What shall we say then to Peter’s confession, “Thou art the Christ, the Son of the living God”, or to Thomas’s confession, “My Lord and my God”, if He was not as the Scriptures affirm, “Emmanuel”, “God with us”. To Peter the Lord replied, “Blessed art thou Simon, son of Jona, for flesh and blood hath not revealed it unto thee, but My Father which is in heaven”. And to Thomas the Lord said, “Blessed are they that have not seen, and yet have believed” (Matt. 16; John 20).
Job’s confession, “Behold I am vile”; Isaiah’s cry, “Woe is me for I am undone, because I am a man of unclean lips”; Peter’s entreaty, “Depart from me, for I am a sinful man, O Lord”; are but instances of the felt unworthiness of all holy men and women of God when in the presence of their Maker. (Job 40; Isa. 6; Luke 5).
The Lord’s own references to Himself however stand in direct contrast to the above, “Which of you,” said He to the Jews, “convicteth Me of sin ?” His statement that He came “from above”, that He had a glory with the
Father before the world was; that all judgment is committed to Him, are but examples. (John chs. 8 and 17). Such declarations as: “I am the Light of the world”; “I am the Way, the Truth, and the Life”; “I am the Resurrection and the Life” would be impiety or blasphemy on the lips of any created being however exalted. Truly, never man spake like this Man. Even angels refuse worship, yet of the Son of God it is written, “Let all the angels of God worship Him”. Also that all men should honour the Son even as they honour the Father. (John 5; 8; 11; 14; Heb. 1; Phil. 2; Rev. 22).
That the Lord was a good man none can doubt. His abundant works of healing and mercy, His wisdom and teaching, His exposure of hypocrisy show this to be so. The reason why men rejected His testimony was because they loved darkness rather than light. As the Lord said, “Everyone that is of the truth heareth My voice” (John chapters 3 and 18).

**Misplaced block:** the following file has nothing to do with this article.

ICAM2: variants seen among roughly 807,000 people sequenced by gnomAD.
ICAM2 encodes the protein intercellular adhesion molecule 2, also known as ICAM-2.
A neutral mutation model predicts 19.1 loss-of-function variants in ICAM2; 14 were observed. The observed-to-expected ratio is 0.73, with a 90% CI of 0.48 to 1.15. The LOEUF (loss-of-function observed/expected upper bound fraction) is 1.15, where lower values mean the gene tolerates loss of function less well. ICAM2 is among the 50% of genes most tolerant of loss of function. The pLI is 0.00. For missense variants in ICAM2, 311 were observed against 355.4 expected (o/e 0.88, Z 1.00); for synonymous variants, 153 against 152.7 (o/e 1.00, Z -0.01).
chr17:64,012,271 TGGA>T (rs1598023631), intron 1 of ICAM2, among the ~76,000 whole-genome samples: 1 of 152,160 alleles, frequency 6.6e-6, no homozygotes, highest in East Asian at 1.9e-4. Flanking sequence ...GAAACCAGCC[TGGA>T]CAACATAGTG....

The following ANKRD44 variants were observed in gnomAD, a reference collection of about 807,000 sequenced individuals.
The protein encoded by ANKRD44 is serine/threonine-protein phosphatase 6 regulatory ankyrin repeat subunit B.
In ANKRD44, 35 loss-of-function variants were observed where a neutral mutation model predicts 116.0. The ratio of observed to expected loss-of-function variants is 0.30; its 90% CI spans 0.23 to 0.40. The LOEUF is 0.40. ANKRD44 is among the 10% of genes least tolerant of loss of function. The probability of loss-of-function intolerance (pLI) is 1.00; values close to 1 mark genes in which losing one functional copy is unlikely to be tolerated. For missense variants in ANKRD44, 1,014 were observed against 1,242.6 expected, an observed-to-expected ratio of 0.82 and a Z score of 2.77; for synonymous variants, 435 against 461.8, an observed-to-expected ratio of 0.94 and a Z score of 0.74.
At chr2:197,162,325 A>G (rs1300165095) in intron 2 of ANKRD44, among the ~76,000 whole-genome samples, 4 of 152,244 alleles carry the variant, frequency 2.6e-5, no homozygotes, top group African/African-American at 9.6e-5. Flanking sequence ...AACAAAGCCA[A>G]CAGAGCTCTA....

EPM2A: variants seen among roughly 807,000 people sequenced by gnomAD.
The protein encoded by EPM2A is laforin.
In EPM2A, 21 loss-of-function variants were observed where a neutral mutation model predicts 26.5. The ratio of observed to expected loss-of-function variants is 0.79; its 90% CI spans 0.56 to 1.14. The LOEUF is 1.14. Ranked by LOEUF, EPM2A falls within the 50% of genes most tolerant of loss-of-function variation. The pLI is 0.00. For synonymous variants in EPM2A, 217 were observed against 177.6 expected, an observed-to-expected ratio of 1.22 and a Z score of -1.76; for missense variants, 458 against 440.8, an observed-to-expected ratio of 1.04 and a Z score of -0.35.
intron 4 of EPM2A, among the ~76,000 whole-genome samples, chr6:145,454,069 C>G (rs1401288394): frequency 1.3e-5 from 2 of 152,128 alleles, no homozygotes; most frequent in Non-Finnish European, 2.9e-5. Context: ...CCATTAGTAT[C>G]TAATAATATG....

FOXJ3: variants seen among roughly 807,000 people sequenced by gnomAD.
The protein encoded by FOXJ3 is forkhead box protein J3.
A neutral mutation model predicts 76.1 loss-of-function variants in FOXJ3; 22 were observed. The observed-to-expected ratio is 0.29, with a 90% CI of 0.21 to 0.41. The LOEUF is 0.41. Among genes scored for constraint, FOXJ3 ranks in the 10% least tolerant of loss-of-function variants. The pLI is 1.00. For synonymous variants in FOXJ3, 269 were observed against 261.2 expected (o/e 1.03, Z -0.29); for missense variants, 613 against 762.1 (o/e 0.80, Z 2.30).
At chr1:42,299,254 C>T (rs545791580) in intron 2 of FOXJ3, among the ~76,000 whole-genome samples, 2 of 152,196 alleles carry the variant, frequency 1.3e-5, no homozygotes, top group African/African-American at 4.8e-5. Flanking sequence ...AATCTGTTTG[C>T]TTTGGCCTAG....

John the Baptist, who in moral dignity and greatness exceeded all who were before him in the prophetic office, realised an essential difference between himself and the One whom he announced to Israel as “the Lamb of God bearing away the sin of the world”. This One coming after him, was preferred before him, whose shoe latchet John confessed he was not worthy to stoop down and unloose. (Mark 1; John 1).
We must not think that the Deity of Christ is confined to the careful grammatical analysis of a few Scripture texts. The Deity of Christ is interwoven throughout the Scriptures, and those who deny this living truth or direct souls to other names than His for salvation deceive themselves and divest the gospel of its saving and life giving power.
Moses wrote of Me, said the Lord; David also in the Psalms, and the Spirit of Christ was in the prophets of old testifying beforehand the sufferings of Christ and the glories that should follow; and the apostle John reveals the culmination when in heaven angelic hosts join with the redeemed in ascribing blessing, and honour, and glory, and power, unto Him that sitteth upon the throne, and unto the Lamb for ever and ever. (Luke 24; 1 Peter 1; Rev. 4 and 5).
King Solomon in his prayer at the dedication of the temple said, “Will God in very deed dwell with men on the earth ?” and as if in direct answer thereto the apostle when writing of the Lord Jesus says, “And the Word became flesh, and dwelt among us, and we beheld His glory, the glory as of the only begotten of the Father, full of grace and truth”. (2 Chron. 6; John 1).
The Lord once asked His disciples when some were offended at His words and walked no more with Him, “Will ye also go away ?” And Peter’s earnest reply was: “Lord, to whom shall we go ? Thou hast the words of eternal life. And we believe and are sure that Thou art the Holy One of God”. And blessed are those who likewise believe, and are assured by God’s Spirit in their hearts that no one else could redeem them from their lost estate and bring them to His eternal kingdom and glory. (John 6).
Is it any wonder that Peter when proclaiming the gospel later said: “Neither is there salvation in any other; for there is none other name under heaven given among men, whereby we must be saved” (Acts 4).